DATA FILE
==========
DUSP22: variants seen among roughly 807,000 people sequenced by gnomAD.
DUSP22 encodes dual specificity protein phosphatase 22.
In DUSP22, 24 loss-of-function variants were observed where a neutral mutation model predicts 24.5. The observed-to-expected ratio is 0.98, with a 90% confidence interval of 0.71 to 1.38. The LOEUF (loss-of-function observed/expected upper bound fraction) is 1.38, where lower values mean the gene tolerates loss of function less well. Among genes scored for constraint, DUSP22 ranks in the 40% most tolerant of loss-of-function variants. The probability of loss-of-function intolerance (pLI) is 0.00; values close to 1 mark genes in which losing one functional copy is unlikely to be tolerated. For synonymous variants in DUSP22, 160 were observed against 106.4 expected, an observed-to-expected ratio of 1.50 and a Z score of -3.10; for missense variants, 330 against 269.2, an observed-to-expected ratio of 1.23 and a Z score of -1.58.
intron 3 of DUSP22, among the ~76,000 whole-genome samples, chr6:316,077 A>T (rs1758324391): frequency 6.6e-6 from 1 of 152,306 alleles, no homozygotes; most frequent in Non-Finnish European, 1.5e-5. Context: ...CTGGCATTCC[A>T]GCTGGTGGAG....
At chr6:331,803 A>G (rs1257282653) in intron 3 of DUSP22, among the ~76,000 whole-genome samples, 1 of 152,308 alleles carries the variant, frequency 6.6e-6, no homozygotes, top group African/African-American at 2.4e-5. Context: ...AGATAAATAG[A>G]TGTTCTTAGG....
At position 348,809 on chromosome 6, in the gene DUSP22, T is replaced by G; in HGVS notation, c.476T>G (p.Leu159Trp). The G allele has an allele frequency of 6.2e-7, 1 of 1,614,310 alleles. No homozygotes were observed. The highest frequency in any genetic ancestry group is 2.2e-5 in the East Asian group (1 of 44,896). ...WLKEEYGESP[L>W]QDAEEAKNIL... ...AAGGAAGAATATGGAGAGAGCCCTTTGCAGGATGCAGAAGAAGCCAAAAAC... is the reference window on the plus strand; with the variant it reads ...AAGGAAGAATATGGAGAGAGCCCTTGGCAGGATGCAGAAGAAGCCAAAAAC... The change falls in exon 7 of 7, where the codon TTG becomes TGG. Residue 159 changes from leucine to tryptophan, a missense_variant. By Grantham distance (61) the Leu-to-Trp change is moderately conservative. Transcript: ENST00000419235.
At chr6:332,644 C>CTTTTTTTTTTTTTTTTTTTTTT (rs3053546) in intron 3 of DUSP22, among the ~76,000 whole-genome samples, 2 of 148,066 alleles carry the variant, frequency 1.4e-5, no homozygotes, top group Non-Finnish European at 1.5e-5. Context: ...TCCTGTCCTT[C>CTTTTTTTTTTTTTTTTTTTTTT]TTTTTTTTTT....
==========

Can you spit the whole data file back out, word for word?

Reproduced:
DUSP22: variants seen among roughly 807,000 people sequenced by gnomAD.
DUSP22 encodes dual specificity protein phosphatase 22.
In DUSP22, 24 loss-of-function variants were observed where a neutral mutation model predicts 24.5. The observed-to-expected ratio is 0.98, with a 90% confidence interval of 0.71 to 1.38. The LOEUF (loss-of-function observed/expected upper bound fraction) is 1.38, where lower values mean the gene tolerates loss of function less well. Among genes scored for constraint, DUSP22 ranks in the 40% most tolerant of loss-of-function variants. The probability of loss-of-function intolerance (pLI) is 0.00; values close to 1 mark genes in which losing one functional copy is unlikely to be tolerated. For synonymous variants in DUSP22, 160 were observed against 106.4 expected, an observed-to-expected ratio of 1.50 and a Z score of -3.10; for missense variants, 330 against 269.2, an observed-to-expected ratio of 1.23 and a Z score of -1.58.
intron 3 of DUSP22, among the ~76,000 whole-genome samples, chr6:316,077 A>T (rs1758324391): frequency 6.6e-6 from 1 of 152,306 alleles, no homozygotes; most frequent in Non-Finnish European, 1.5e-5. Context: ...CTGGCATTCC[A>T]GCTGGTGGAG....
At chr6:331,803 A>G (rs1257282653) in intron 3 of DUSP22, among the ~76,000 whole-genome samples, 1 of 152,308 alleles carries the variant, frequency 6.6e-6, no homozygotes, top group African/African-American at 2.4e-5. Context: ...AGATAAATAG[A>G]TGTTCTTAGG....
At position 348,809 on chromosome 6, in the gene DUSP22, T is replaced by G; in HGVS notation, c.476T>G (p.Leu159Trp). The G allele has an allele frequency of 6.2e-7, 1 of 1,614,310 alleles. No homozygotes were observed. The highest frequency in any genetic ancestry group is 2.2e-5 in the East Asian group (1 of 44,896). ...WLKEEYGESP[L>W]QDAEEAKNIL... ...AAGGAAGAATATGGAGAGAGCCCTTTGCAGGATGCAGAAGAAGCCAAAAAC... is the reference window on the plus strand; with the variant it reads ...AAGGAAGAATATGGAGAGAGCCCTTGGCAGGATGCAGAAGAAGCCAAAAAC... The change falls in exon 7 of 7, where the codon TTG becomes TGG. Residue 159 changes from leucine to tryptophan, a missense_variant. By Grantham distance (61) the Leu-to-Trp change is moderately conservative. Transcript: ENST00000419235.
At chr6:332,644 C>CTTTTTTTTTTTTTTTTTTTTTT (rs3053546) in intron 3 of DUSP22, among the ~76,000 whole-genome samples, 2 of 148,066 alleles carry the variant, frequency 1.4e-5, no homozygotes, top group Non-Finnish European at 1.5e-5. Context: ...TCCTGTCCTT[C>CTTTTTTTTTTTTTTTTTTTTTT]TTTTTTTTTT....